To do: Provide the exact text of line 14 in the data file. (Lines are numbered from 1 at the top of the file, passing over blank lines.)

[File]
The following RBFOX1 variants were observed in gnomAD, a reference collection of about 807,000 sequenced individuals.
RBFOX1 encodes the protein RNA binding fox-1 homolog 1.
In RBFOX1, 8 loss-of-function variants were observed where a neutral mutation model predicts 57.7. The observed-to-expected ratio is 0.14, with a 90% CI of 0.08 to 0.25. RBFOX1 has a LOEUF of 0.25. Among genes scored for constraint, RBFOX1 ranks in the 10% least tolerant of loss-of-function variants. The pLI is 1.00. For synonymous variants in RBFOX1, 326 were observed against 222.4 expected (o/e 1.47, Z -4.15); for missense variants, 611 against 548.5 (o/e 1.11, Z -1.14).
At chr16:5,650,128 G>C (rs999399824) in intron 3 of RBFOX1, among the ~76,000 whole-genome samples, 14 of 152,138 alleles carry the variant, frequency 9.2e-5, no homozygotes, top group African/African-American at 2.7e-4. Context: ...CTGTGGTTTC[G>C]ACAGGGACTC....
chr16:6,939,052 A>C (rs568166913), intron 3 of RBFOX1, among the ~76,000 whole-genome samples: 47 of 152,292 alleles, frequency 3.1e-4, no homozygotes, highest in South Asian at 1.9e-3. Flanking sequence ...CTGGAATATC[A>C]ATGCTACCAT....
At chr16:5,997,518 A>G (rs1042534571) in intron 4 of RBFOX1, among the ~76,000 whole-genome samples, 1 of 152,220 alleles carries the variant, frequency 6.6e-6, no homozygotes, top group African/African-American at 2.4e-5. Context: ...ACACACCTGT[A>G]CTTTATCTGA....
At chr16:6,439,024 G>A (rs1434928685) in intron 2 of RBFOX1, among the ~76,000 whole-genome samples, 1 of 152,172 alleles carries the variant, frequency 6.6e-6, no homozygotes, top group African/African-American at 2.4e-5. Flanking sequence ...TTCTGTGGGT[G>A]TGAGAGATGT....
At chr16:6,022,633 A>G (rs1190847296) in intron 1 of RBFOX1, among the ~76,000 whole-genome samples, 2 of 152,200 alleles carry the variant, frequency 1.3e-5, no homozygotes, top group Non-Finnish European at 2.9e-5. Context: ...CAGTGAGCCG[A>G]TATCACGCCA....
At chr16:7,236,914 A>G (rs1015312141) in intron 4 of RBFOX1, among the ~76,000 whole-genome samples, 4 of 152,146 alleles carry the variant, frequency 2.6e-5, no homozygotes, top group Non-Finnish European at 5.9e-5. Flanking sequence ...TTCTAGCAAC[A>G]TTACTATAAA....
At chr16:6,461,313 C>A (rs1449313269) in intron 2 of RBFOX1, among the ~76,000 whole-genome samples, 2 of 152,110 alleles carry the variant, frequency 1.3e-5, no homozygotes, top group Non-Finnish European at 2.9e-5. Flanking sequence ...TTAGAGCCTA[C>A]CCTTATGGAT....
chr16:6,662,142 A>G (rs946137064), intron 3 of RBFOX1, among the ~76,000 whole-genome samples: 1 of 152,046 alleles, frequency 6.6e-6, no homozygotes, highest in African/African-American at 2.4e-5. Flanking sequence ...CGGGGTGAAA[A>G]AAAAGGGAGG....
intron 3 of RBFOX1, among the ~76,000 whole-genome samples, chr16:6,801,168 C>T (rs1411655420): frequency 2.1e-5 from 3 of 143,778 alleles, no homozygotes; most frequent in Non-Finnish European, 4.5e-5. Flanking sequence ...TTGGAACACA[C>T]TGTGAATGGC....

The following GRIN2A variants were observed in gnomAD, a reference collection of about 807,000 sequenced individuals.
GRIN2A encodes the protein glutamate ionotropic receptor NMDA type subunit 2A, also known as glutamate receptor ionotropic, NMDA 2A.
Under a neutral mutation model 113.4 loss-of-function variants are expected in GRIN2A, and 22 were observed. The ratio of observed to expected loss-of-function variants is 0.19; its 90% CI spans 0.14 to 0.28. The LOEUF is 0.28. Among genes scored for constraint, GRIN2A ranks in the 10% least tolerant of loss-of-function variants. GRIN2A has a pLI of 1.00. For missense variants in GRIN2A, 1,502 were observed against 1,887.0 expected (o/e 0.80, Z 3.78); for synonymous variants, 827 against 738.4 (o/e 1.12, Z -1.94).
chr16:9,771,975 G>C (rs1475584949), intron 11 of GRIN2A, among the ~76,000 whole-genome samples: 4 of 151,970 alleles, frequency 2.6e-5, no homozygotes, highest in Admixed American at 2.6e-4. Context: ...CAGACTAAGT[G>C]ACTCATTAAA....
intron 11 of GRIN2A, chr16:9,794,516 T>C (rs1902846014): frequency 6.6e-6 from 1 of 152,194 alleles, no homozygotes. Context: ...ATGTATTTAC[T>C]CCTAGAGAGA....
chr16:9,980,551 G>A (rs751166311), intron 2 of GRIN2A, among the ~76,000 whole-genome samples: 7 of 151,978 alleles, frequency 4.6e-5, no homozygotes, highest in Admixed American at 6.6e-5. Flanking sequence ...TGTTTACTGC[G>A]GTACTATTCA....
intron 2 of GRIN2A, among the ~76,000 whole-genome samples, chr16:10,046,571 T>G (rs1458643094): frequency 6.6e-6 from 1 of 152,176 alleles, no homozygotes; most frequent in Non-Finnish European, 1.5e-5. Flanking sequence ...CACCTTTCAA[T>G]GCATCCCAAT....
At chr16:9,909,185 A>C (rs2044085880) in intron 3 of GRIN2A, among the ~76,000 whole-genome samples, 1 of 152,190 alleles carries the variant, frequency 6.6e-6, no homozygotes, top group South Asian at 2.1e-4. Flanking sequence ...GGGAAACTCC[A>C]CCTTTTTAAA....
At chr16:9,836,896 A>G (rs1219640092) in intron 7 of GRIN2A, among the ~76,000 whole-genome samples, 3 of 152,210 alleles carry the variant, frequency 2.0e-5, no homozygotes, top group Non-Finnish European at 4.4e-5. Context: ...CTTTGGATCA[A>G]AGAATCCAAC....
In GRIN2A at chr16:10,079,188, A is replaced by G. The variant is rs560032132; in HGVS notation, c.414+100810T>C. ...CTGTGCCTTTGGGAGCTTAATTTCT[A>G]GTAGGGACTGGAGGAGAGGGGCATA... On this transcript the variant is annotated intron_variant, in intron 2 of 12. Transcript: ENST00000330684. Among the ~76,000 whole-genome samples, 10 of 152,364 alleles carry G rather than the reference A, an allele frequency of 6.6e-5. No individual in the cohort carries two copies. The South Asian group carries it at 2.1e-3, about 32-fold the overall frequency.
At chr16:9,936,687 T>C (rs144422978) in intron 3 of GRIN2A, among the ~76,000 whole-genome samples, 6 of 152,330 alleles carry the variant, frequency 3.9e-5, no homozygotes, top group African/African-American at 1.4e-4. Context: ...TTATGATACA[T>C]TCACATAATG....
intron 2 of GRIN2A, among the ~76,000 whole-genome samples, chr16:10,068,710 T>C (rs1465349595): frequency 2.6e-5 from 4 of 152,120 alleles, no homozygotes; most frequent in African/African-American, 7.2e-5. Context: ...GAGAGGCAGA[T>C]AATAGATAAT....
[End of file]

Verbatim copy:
GRIN2A encodes the protein glutamate ionotropic receptor NMDA type subunit 2A, also known as glutamate receptor ionotropic, NMDA 2A.